Types of assessment
As has been argued already, the type of assessment chosen should be related to learning outcomes and governed by decisions about its purpose, validity and relevance. In addition, as it is probably true to say that every assessment method will place some students at a disadvantage to some extent, a range of types of assessment is desirable to hopefully reduce the element of disadvantage suffered by any particular student. Types of assessment to choose from include:
An answer to a question in the form of continuous, connected prose. The object of the essay should be to test the ability to discuss, evaluate, analyse, summarise and criticise. Two dangers with essays are that they are easy to plagiarise, and that undue weight is often given to factors such as style, handwriting and grammar.
A learning task undertaken by the student allowing them to cover a fixed section of the curriculum predominantly through independent study. Different methods of presenting the results can be used dependent on the nature of the task - a report (oral or written), a newspaper or magazine article, a taped 'radio programme, a video, a poster, a research bid, a book review, a contribution to a debate, etc. It is vital to be clear in the assessment criteria how important the medium is compared with the message, so if it is a video how important is the quality of the lighting, the style of the editing, etc. compared with the content that is covered. If aspects of the medium are important then time must be given in the course for these to be taught.
An extended investigation carried out by an individual student into a topic agreed on by student and assessor. In many ways similar to an assignment, the main difference is the onus on the student to choose the particular focus and/or medium of presentation. As with any assessment where the product will vary significantly from student to student it is vital that the criteria are sufficiently well written to be fair when applied to different undertakings and results.
Group project or assignment
Where either an assignment or project is undertaken collectively by groups of students working collaboratively. This has the pragmatic advantage of potentially reducing the tutor's assessment workload and the educational advantage of helping to develop the students' teamworking skills. There are also some forms of product such as collaborative performance that can by definition only be achieved in a group. The major assessment problem is how to identify each individual's role and contribution and to reward it fairly. Solutions (none of which is problem free) tend to include combinations of: an individual component which can be individually assessed, tutor observation, and involving the students in some self and/or peer assessment as the ones in the best position to judge.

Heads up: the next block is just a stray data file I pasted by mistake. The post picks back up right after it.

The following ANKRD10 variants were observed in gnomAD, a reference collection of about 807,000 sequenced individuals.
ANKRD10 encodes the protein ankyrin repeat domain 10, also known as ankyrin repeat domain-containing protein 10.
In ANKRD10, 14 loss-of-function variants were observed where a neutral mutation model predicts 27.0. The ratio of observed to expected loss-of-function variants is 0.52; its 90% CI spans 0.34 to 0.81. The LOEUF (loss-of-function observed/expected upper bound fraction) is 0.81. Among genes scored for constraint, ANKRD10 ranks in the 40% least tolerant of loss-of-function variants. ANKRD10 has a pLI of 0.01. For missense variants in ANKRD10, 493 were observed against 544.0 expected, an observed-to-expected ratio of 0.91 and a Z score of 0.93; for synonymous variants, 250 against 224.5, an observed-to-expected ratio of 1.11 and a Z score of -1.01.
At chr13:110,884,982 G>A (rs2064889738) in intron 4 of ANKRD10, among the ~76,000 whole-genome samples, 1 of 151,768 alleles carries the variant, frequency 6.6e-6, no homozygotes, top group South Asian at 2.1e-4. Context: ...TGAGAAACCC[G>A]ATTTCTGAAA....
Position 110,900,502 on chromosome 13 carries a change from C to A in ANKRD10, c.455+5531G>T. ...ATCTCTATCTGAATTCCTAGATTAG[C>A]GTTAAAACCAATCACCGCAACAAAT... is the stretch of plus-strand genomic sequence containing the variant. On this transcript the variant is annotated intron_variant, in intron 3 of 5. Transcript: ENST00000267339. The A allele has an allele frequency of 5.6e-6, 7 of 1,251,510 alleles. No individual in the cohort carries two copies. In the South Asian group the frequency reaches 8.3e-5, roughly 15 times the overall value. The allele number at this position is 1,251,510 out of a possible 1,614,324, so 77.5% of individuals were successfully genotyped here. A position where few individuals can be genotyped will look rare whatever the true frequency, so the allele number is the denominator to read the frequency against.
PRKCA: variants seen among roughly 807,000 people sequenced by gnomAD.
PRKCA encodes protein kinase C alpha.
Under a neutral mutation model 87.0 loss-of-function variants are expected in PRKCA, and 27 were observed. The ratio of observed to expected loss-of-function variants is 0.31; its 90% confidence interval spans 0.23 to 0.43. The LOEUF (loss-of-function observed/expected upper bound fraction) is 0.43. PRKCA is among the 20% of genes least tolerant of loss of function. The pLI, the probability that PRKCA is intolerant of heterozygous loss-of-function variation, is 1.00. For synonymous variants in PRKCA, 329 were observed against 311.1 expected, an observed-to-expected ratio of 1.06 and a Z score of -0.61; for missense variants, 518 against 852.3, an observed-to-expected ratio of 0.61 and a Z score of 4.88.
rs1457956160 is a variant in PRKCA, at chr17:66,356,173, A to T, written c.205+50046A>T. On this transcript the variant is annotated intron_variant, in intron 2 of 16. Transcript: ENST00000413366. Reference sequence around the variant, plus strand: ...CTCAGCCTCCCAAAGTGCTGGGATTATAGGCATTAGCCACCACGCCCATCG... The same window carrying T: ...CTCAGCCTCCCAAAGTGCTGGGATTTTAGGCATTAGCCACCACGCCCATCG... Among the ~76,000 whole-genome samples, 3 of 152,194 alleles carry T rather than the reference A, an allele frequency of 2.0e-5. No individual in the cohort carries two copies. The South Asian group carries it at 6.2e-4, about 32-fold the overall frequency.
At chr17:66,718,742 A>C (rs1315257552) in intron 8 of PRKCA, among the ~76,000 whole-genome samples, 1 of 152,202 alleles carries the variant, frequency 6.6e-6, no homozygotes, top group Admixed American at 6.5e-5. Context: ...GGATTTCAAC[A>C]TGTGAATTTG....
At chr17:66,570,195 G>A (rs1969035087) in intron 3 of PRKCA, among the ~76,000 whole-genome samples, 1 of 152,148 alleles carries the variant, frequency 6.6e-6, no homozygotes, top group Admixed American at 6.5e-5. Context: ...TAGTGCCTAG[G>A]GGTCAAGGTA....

Written presentation of results of an investigation or piece of research, normally taking the form of an extended essay being less rigorous in its style and layout requirements than a thesis. The content reflects the findings of the investigation. This has similar assessment problems to an individual project.
This can take a variety of different forms. The most common factors are that it is done under comparatively short, timed conditions and usually under observed conditions which ensures it is the student's own work (although there are examples of exams where students take the questions away). Major criticisms are that because of the comparatively short time allowed answers may inevitably be superficial and/or not all the learning outcomes may be assessed. They may also encourage the rote learning of potential model answers. This can be avoided if the focus of the tasks set is on the application of what has been learnt, presenting the student with a previously unseen context or scenario or set of data which they have to 'do' something with. Some of the most common variations of exams are: